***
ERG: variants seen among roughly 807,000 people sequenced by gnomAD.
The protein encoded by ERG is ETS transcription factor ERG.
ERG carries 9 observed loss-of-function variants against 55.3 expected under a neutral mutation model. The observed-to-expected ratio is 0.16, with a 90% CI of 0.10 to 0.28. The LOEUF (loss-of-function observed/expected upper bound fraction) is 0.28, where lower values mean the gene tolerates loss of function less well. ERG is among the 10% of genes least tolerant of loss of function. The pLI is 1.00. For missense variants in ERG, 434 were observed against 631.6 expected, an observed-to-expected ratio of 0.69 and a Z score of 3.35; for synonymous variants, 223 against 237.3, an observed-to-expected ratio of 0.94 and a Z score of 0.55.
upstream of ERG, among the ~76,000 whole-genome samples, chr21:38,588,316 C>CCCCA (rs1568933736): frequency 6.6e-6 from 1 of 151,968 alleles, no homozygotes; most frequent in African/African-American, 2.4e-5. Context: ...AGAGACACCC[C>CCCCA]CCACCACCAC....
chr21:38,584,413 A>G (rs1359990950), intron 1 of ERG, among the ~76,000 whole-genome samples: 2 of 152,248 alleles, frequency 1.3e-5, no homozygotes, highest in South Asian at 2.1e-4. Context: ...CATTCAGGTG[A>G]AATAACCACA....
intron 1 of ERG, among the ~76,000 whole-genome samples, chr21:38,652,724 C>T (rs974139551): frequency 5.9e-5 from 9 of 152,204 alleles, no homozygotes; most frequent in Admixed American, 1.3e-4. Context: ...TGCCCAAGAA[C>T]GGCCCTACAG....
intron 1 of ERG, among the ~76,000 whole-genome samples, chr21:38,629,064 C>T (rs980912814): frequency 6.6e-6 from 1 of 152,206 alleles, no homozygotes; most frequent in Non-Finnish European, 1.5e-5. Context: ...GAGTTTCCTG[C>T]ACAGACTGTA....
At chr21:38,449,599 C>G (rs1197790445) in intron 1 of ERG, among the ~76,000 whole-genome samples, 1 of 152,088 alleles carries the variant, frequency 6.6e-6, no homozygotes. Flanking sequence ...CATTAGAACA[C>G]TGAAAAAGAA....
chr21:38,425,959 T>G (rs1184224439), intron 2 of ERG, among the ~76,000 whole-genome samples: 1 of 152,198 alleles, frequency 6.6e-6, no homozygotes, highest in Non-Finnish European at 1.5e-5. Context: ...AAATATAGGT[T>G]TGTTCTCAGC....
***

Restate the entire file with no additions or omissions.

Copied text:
ERG: variants seen among roughly 807,000 people sequenced by gnomAD.
The protein encoded by ERG is ETS transcription factor ERG.
ERG carries 9 observed loss-of-function variants against 55.3 expected under a neutral mutation model. The observed-to-expected ratio is 0.16, with a 90% CI of 0.10 to 0.28. The LOEUF (loss-of-function observed/expected upper bound fraction) is 0.28, where lower values mean the gene tolerates loss of function less well. ERG is among the 10% of genes least tolerant of loss of function. The pLI is 1.00. For missense variants in ERG, 434 were observed against 631.6 expected, an observed-to-expected ratio of 0.69 and a Z score of 3.35; for synonymous variants, 223 against 237.3, an observed-to-expected ratio of 0.94 and a Z score of 0.55.
upstream of ERG, among the ~76,000 whole-genome samples, chr21:38,588,316 C>CCCCA (rs1568933736): frequency 6.6e-6 from 1 of 151,968 alleles, no homozygotes; most frequent in African/African-American, 2.4e-5. Context: ...AGAGACACCC[C>CCCCA]CCACCACCAC....
chr21:38,584,413 A>G (rs1359990950), intron 1 of ERG, among the ~76,000 whole-genome samples: 2 of 152,248 alleles, frequency 1.3e-5, no homozygotes, highest in South Asian at 2.1e-4. Context: ...CATTCAGGTG[A>G]AATAACCACA....
intron 1 of ERG, among the ~76,000 whole-genome samples, chr21:38,652,724 C>T (rs974139551): frequency 5.9e-5 from 9 of 152,204 alleles, no homozygotes; most frequent in Admixed American, 1.3e-4. Context: ...TGCCCAAGAA[C>T]GGCCCTACAG....
intron 1 of ERG, among the ~76,000 whole-genome samples, chr21:38,629,064 C>T (rs980912814): frequency 6.6e-6 from 1 of 152,206 alleles, no homozygotes; most frequent in Non-Finnish European, 1.5e-5. Context: ...GAGTTTCCTG[C>T]ACAGACTGTA....
At chr21:38,449,599 C>G (rs1197790445) in intron 1 of ERG, among the ~76,000 whole-genome samples, 1 of 152,088 alleles carries the variant, frequency 6.6e-6, no homozygotes. Flanking sequence ...CATTAGAACA[C>G]TGAAAAAGAA....
chr21:38,425,959 T>G (rs1184224439), intron 2 of ERG, among the ~76,000 whole-genome samples: 1 of 152,198 alleles, frequency 6.6e-6, no homozygotes, highest in Non-Finnish European at 1.5e-5. Context: ...AAATATAGGT[T>G]TGTTCTCAGC....